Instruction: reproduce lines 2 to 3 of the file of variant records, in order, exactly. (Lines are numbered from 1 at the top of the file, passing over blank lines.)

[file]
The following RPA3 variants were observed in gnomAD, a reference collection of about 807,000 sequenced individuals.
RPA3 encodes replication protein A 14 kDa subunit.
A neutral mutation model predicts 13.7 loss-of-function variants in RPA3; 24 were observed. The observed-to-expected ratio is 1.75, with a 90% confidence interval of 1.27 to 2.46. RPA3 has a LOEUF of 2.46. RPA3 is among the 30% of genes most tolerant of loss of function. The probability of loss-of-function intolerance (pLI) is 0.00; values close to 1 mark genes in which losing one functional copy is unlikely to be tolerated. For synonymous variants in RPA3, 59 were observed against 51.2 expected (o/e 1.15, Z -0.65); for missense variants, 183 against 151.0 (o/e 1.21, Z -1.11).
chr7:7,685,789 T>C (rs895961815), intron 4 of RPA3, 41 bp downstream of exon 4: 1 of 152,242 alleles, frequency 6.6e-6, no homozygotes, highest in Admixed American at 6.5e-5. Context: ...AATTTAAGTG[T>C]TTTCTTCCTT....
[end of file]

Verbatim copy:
RPA3 encodes replication protein A 14 kDa subunit.
A neutral mutation model predicts 13.7 loss-of-function variants in RPA3; 24 were observed. The observed-to-expected ratio is 1.75, with a 90% confidence interval of 1.27 to 2.46. RPA3 has a LOEUF of 2.46. RPA3 is among the 30% of genes most tolerant of loss of function. The probability of loss-of-function intolerance (pLI) is 0.00; values close to 1 mark genes in which losing one functional copy is unlikely to be tolerated. For synonymous variants in RPA3, 59 were observed against 51.2 expected (o/e 1.15, Z -0.65); for missense variants, 183 against 151.0 (o/e 1.21, Z -1.11).